Albertans 'not overly' engaged in UCP leadership race, says would-be candidate Paul Hinman

A would-be candidate in the United Conservative Party (UCP) leadership race says Albertans are “not overly, at this point” engaged in the contest to choose the first leader for the amalgamated Wildrose and Progressive Conservative parties.

As Paul Hinman scrambles to come up with the $57,500 he still needs to stay in the contest by Tuesday’s 5 p.m. deadline, he says the lack of engagement is symptomatic of the overall attitude with politics and politicians.

“There’s just a lot of apathy when it comes to politics in general,” Hinman said.

As an experienced politician who has won two elections as an MLA for the defunct Alberta Alliance and Wildrose parties, Hinman is alarmed — but not surprised — by what he hears on the doorstep.

“Most people, when I talk to them  … if you ask them the question, ‘You think it makes any difference who you elect?’, the answer is usually ‘No,’ ” he said.

Hinman believes the level of interest would increase if voters had power to “fire” their elected officials.

“We need to engage and be accountable to the public,” he said.

The campaign deposit Hinman must pay Tuesday afternoon represents half of the $75,000 entrance fee, plus a $20,000 refundable compliance fee for following leadership-race rules set out by the party.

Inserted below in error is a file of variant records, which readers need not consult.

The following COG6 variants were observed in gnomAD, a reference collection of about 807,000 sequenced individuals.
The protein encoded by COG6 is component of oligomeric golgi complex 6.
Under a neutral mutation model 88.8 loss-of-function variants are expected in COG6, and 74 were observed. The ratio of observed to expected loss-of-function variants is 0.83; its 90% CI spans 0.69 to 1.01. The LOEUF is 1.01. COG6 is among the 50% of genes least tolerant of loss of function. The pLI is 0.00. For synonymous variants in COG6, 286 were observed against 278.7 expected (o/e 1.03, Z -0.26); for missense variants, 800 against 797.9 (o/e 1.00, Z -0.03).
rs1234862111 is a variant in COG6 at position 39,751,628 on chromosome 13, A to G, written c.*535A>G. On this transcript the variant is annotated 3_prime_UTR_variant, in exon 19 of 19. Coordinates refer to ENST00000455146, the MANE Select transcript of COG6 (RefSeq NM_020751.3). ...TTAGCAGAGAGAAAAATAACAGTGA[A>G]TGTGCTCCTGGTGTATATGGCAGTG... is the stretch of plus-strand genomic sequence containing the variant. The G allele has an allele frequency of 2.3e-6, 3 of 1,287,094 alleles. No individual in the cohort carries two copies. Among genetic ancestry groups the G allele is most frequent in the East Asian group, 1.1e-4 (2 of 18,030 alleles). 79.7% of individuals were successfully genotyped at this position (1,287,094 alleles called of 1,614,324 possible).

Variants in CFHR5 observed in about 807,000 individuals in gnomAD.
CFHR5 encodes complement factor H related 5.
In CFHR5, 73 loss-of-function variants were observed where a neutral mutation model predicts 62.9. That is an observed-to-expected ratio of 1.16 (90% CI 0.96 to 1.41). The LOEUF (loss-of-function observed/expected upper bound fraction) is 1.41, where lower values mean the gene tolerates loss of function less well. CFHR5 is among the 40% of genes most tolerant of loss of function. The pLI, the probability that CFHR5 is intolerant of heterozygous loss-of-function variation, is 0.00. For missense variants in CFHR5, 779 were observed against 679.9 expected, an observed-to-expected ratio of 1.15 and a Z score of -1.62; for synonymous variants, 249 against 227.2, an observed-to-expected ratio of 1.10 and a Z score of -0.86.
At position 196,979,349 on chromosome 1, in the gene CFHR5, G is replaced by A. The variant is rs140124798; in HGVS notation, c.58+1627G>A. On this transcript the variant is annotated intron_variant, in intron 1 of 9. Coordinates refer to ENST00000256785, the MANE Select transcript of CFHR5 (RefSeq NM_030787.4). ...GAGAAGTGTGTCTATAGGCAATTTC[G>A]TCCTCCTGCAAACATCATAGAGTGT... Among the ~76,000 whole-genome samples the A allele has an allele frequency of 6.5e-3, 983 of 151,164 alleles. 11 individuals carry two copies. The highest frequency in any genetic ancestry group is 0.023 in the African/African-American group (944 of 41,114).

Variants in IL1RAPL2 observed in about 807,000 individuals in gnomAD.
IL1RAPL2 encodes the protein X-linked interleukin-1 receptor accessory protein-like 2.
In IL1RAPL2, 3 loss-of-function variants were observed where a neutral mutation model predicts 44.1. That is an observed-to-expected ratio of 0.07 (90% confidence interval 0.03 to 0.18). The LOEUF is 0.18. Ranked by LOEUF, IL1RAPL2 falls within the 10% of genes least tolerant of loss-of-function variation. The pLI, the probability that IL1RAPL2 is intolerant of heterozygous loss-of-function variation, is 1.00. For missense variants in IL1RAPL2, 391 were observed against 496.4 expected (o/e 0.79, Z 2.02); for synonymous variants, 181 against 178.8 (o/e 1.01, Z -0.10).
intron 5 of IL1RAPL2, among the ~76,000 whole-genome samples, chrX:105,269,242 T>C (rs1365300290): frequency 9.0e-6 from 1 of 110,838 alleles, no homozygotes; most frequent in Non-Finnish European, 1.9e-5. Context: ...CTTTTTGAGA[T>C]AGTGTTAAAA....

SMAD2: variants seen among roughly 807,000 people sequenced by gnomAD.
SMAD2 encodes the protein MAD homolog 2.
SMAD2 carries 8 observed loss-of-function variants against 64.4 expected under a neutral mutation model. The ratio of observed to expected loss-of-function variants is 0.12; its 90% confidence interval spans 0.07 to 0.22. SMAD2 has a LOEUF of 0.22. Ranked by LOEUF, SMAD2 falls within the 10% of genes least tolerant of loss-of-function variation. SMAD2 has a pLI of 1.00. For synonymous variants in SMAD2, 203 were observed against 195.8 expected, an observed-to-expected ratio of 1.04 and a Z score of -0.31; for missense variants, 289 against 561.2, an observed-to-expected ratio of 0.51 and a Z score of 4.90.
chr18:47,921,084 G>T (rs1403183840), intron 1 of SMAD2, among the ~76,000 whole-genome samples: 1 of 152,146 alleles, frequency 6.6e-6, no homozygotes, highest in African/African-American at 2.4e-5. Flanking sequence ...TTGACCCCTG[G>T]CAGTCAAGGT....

As the fifth person to enter the race, Hinman is the only candidate who has said he will have trouble meeting the payment deadline.

Sprinting to finish

“I’m sprinting to the end,” he said, with a chuckle. “The last half isn’t as easy as the first half, that’s how it’s going.”

But Hinman said the entry fee doesn’t stop him from giving the race a shot, if only to raise issues he feels have been overlooked or ignored.

“We need to be able to fire our politicians in between elections, and I don’t know that it’s a high enough priority with the other leadership candidates,” he said.

Danielle Smith, left, and former Wildrose deputy leader Paul Hinman, right, are joined at a news conference by MLAs Rob Anderson, second from left, and Heather Forsyth after the two announced their defections from Alberta’s PC party in 2010. ( (Jeff McIntosh/Canadian Press))

The other late entry into the leadership campaign, former Wildrose president Jeff Callaway, was initially concerned about the expensive entry fee, but his campaign says it is pleasantly surprised by the reception the candidate is getting.

“Jeff, having been party president for several years, was able to develop an expansive network of individuals who support out-of-the-box ideas,” campaign co chair Cameron Davies said.

The other three candidates in the leadership campaign — Jason Kenney, Brian Jean and Doug Schweitzer — all say they have paid the entry fee.

Party members will vote for the new leader over three days starting Oct. 26. The winner will be announced Oct. 28 in Calgary.

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